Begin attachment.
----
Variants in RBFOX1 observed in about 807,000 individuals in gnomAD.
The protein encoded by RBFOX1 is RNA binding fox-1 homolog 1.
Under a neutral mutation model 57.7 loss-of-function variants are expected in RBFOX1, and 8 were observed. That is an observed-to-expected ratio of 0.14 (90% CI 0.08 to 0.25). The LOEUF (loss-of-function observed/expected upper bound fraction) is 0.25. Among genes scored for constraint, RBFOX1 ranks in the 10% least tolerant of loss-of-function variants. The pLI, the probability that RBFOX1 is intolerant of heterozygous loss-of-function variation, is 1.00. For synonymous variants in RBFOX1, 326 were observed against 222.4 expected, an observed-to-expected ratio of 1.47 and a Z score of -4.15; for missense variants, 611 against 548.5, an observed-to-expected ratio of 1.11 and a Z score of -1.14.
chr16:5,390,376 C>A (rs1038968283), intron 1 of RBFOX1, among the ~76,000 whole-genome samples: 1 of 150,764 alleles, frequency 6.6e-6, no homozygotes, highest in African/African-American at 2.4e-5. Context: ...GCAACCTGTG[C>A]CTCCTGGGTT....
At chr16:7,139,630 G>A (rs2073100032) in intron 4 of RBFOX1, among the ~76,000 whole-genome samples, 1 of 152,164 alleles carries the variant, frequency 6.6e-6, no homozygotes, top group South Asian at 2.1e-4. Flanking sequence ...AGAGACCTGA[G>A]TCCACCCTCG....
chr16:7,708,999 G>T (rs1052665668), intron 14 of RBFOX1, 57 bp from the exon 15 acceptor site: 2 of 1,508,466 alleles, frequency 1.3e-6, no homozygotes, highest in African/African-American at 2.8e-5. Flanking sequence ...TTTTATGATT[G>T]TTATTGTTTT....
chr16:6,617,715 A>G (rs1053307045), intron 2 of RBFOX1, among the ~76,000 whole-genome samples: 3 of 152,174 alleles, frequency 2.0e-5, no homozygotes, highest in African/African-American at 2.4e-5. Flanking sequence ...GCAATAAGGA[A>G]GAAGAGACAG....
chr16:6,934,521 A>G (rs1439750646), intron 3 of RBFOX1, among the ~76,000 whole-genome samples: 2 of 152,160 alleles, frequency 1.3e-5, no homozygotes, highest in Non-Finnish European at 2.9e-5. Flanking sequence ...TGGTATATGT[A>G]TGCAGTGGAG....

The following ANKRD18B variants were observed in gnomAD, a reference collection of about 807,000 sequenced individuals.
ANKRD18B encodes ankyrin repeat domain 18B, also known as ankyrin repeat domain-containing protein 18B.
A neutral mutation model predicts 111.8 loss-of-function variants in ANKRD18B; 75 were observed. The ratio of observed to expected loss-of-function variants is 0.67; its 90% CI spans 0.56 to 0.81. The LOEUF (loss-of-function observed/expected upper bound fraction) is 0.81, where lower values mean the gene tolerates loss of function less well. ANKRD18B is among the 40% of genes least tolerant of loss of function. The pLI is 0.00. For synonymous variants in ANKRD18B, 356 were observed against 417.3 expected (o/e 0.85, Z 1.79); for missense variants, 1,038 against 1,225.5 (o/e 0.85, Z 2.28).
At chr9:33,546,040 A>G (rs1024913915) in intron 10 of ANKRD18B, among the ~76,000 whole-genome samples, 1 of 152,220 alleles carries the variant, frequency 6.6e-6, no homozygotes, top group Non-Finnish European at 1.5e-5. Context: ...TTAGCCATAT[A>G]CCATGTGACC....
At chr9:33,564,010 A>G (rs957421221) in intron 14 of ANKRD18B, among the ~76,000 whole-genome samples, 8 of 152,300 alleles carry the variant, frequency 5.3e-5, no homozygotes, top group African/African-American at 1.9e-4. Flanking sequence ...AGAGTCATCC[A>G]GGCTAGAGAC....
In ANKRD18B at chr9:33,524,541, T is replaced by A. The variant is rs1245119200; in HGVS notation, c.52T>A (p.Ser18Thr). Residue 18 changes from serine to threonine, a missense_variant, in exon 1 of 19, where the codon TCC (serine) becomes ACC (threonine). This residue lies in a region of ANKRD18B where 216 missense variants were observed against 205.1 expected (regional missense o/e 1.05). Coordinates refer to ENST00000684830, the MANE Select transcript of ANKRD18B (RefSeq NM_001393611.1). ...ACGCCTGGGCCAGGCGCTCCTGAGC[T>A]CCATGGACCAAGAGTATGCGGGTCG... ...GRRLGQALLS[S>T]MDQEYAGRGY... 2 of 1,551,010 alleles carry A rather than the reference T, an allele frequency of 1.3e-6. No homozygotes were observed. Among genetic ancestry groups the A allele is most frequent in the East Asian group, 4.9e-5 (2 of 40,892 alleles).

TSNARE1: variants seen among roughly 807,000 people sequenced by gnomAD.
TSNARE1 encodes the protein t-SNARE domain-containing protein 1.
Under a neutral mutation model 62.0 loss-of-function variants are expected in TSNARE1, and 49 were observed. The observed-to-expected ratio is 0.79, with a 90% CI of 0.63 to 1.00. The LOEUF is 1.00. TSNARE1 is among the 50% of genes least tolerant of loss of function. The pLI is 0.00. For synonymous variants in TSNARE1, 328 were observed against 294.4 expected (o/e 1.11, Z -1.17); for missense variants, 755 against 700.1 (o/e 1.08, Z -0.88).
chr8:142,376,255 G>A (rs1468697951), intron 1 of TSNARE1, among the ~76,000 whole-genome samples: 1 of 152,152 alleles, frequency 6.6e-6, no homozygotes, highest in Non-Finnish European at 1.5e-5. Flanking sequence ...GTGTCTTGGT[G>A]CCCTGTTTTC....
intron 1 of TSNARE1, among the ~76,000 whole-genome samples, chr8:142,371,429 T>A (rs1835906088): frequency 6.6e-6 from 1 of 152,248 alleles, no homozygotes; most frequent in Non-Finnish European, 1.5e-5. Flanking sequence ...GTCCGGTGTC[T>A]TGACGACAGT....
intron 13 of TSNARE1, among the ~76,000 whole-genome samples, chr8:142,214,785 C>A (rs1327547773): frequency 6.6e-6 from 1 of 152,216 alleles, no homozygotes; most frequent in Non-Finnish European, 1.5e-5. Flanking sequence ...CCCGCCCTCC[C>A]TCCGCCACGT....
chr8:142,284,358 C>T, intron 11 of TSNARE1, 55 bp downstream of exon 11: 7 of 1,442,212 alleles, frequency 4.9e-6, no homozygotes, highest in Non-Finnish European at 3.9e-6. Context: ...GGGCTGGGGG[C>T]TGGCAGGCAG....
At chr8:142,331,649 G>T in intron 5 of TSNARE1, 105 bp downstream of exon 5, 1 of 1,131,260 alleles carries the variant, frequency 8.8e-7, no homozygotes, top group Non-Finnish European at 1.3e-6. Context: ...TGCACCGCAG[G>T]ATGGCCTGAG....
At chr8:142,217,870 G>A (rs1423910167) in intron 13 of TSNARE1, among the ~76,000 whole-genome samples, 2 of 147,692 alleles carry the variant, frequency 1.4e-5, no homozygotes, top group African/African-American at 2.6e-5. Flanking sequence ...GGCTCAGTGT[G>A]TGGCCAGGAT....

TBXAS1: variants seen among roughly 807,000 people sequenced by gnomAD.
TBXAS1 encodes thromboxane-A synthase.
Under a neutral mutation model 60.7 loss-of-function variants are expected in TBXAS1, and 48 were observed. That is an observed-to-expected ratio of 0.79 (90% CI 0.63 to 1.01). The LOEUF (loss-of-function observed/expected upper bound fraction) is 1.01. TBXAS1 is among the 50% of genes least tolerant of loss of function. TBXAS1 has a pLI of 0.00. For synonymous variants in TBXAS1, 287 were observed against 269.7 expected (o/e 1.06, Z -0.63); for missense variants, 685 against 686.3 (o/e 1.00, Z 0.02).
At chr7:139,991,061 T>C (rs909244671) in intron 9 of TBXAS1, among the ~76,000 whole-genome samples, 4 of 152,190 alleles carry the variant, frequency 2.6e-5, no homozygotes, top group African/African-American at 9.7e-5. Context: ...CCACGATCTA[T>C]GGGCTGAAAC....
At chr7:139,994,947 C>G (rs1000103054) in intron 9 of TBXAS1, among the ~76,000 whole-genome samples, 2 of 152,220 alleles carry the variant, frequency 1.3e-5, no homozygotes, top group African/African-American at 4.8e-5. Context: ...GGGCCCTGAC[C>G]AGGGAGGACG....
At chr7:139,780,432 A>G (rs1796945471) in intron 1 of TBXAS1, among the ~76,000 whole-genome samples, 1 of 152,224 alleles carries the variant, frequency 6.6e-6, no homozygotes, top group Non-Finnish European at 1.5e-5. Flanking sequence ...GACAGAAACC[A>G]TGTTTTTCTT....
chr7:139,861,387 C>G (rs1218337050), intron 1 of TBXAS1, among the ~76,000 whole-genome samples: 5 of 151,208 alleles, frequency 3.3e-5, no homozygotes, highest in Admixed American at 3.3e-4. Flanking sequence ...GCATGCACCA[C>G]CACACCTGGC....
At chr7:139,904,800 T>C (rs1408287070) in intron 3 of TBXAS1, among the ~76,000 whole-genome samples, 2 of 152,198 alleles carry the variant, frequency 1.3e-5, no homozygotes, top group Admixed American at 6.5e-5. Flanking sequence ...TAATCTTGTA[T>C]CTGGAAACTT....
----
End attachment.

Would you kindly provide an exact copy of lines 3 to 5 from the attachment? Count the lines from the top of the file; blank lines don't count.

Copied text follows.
Under a neutral mutation model 57.7 loss-of-function variants are expected in RBFOX1, and 8 were observed. That is an observed-to-expected ratio of 0.14 (90% CI 0.08 to 0.25). The LOEUF (loss-of-function observed/expected upper bound fraction) is 0.25. Among genes scored for constraint, RBFOX1 ranks in the 10% least tolerant of loss-of-function variants. The pLI, the probability that RBFOX1 is intolerant of heterozygous loss-of-function variation, is 1.00. For synonymous variants in RBFOX1, 326 were observed against 222.4 expected, an observed-to-expected ratio of 1.47 and a Z score of -4.15; for missense variants, 611 against 548.5, an observed-to-expected ratio of 1.11 and a Z score of -1.14.
chr16:5,390,376 C>A (rs1038968283), intron 1 of RBFOX1, among the ~76,000 whole-genome samples: 1 of 150,764 alleles, frequency 6.6e-6, no homozygotes, highest in African/African-American at 2.4e-5. Context: ...GCAACCTGTG[C>A]CTCCTGGGTT....
At chr16:7,139,630 G>A (rs2073100032) in intron 4 of RBFOX1, among the ~76,000 whole-genome samples, 1 of 152,164 alleles carries the variant, frequency 6.6e-6, no homozygotes, top group South Asian at 2.1e-4. Flanking sequence ...AGAGACCTGA[G>A]TCCACCCTCG....